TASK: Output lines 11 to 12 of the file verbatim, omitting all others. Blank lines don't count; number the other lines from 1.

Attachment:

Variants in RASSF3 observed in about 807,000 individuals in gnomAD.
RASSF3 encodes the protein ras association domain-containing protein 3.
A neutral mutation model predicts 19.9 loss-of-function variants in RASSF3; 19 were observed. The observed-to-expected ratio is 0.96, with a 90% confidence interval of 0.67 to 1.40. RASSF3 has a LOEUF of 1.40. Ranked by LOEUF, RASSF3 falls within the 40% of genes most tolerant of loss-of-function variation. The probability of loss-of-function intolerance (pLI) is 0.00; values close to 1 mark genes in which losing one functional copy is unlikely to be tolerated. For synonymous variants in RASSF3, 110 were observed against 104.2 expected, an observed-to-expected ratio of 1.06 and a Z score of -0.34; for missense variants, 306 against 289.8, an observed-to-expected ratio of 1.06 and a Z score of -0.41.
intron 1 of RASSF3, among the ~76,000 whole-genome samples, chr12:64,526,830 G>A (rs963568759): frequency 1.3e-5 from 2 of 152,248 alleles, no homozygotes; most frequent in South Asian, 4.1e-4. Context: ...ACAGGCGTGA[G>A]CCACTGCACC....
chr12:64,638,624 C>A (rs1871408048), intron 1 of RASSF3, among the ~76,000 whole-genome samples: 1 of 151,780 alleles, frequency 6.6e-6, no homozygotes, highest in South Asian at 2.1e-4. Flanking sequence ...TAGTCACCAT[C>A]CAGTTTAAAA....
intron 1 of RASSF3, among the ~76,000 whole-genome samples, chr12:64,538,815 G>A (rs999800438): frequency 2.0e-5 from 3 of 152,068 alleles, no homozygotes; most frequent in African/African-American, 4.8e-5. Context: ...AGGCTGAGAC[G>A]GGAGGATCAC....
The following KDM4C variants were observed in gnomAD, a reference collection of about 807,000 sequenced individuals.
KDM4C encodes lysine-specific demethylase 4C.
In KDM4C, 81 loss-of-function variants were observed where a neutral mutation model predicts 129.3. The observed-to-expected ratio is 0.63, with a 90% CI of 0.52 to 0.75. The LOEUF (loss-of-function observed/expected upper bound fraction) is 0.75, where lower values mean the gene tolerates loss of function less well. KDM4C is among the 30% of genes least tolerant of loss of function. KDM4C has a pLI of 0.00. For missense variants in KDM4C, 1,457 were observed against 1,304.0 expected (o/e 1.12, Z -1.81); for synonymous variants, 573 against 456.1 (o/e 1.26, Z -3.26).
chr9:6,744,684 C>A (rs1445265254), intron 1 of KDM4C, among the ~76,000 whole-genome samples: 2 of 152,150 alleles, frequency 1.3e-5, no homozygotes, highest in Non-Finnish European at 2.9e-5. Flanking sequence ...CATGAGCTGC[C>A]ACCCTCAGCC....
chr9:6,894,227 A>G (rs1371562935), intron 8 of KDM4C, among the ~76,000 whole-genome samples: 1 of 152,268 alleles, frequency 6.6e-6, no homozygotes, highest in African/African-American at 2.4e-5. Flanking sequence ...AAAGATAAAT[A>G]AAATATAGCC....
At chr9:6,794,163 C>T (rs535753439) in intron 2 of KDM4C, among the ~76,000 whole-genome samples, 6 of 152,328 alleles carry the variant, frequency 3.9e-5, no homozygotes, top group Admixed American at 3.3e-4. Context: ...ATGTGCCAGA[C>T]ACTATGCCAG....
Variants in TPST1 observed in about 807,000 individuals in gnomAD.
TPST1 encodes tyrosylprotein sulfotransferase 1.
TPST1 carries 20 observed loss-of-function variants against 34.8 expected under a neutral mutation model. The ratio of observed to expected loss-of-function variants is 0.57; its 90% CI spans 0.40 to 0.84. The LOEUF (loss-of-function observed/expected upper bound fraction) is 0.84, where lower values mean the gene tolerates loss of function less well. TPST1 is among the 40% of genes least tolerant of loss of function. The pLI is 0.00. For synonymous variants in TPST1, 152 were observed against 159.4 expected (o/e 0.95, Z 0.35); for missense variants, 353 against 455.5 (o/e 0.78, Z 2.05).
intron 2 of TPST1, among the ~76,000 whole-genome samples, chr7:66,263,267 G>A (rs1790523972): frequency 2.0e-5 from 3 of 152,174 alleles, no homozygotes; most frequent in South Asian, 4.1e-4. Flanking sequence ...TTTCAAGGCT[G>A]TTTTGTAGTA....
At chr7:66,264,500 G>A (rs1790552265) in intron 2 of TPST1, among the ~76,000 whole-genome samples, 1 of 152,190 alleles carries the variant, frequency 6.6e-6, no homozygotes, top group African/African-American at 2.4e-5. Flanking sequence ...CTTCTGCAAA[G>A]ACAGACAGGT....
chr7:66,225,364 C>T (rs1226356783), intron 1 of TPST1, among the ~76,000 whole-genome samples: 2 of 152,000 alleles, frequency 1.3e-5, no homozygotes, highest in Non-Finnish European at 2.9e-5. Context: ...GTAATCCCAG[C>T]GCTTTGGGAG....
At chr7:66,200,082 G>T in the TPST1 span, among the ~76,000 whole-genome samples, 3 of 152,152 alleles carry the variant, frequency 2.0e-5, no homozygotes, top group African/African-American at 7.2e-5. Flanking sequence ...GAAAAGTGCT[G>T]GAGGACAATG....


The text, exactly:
chr9:6,894,227 A>G (rs1371562935), intron 8 of KDM4C, among the ~76,000 whole-genome samples: 1 of 152,268 alleles, frequency 6.6e-6, no homozygotes, highest in African/African-American at 2.4e-5. Flanking sequence ...AAAGATAAAT[A>G]AAATATAGCC....
At chr9:6,794,163 C>T (rs535753439) in intron 2 of KDM4C, among the ~76,000 whole-genome samples, 6 of 152,328 alleles carry the variant, frequency 3.9e-5, no homozygotes, top group Admixed American at 3.3e-4. Context: ...ATGTGCCAGA[C>T]ACTATGCCAG....